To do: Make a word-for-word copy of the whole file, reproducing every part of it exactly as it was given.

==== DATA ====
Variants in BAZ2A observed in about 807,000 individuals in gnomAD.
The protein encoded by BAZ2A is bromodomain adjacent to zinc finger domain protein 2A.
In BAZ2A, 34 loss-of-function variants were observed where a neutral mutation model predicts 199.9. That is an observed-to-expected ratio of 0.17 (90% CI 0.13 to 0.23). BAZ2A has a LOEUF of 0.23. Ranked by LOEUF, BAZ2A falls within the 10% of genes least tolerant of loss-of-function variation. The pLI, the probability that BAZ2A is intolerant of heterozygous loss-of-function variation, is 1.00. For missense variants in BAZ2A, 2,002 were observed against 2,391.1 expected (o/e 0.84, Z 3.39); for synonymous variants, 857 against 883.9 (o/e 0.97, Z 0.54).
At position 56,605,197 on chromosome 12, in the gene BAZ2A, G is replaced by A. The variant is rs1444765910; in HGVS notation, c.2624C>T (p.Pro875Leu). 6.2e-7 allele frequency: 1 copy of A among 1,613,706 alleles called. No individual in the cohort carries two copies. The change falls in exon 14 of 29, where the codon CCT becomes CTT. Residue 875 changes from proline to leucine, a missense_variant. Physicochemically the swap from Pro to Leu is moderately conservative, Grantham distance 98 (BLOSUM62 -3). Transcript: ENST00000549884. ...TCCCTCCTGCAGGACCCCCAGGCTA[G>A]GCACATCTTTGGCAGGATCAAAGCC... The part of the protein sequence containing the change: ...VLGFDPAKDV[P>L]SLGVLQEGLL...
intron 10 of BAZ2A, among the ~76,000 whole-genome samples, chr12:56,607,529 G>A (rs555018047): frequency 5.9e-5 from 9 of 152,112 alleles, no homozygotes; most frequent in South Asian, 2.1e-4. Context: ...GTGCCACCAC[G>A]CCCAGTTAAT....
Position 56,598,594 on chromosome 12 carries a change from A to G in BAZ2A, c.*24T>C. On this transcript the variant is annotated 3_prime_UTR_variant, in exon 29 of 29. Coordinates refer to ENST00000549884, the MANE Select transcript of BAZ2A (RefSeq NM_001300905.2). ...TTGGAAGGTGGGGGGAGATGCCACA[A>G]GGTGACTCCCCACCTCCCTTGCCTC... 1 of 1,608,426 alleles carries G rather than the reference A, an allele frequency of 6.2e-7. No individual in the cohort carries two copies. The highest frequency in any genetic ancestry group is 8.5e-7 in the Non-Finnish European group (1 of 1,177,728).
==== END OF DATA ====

Variants in BAZ2A observed in about 807,000 individuals in gnomAD.
The protein encoded by BAZ2A is bromodomain adjacent to zinc finger domain protein 2A.
In BAZ2A, 34 loss-of-function variants were observed where a neutral mutation model predicts 199.9. That is an observed-to-expected ratio of 0.17 (90% CI 0.13 to 0.23). BAZ2A has a LOEUF of 0.23. Ranked by LOEUF, BAZ2A falls within the 10% of genes least tolerant of loss-of-function variation. The pLI, the probability that BAZ2A is intolerant of heterozygous loss-of-function variation, is 1.00. For missense variants in BAZ2A, 2,002 were observed against 2,391.1 expected (o/e 0.84, Z 3.39); for synonymous variants, 857 against 883.9 (o/e 0.97, Z 0.54).
At position 56,605,197 on chromosome 12, in the gene BAZ2A, G is replaced by A. The variant is rs1444765910; in HGVS notation, c.2624C>T (p.Pro875Leu). 6.2e-7 allele frequency: 1 copy of A among 1,613,706 alleles called. No individual in the cohort carries two copies. The change falls in exon 14 of 29, where the codon CCT becomes CTT. Residue 875 changes from proline to leucine, a missense_variant. Physicochemically the swap from Pro to Leu is moderately conservative, Grantham distance 98 (BLOSUM62 -3). Transcript: ENST00000549884. ...TCCCTCCTGCAGGACCCCCAGGCTA[G>A]GCACATCTTTGGCAGGATCAAAGCC... The part of the protein sequence containing the change: ...VLGFDPAKDV[P>L]SLGVLQEGLL...
intron 10 of BAZ2A, among the ~76,000 whole-genome samples, chr12:56,607,529 G>A (rs555018047): frequency 5.9e-5 from 9 of 152,112 alleles, no homozygotes; most frequent in South Asian, 2.1e-4. Context: ...GTGCCACCAC[G>A]CCCAGTTAAT....
Position 56,598,594 on chromosome 12 carries a change from A to G in BAZ2A, c.*24T>C. On this transcript the variant is annotated 3_prime_UTR_variant, in exon 29 of 29. Coordinates refer to ENST00000549884, the MANE Select transcript of BAZ2A (RefSeq NM_001300905.2). ...TTGGAAGGTGGGGGGAGATGCCACA[A>G]GGTGACTCCCCACCTCCCTTGCCTC... 1 of 1,608,426 alleles carries G rather than the reference A, an allele frequency of 6.2e-7. No individual in the cohort carries two copies. The highest frequency in any genetic ancestry group is 8.5e-7 in the Non-Finnish European group (1 of 1,177,728).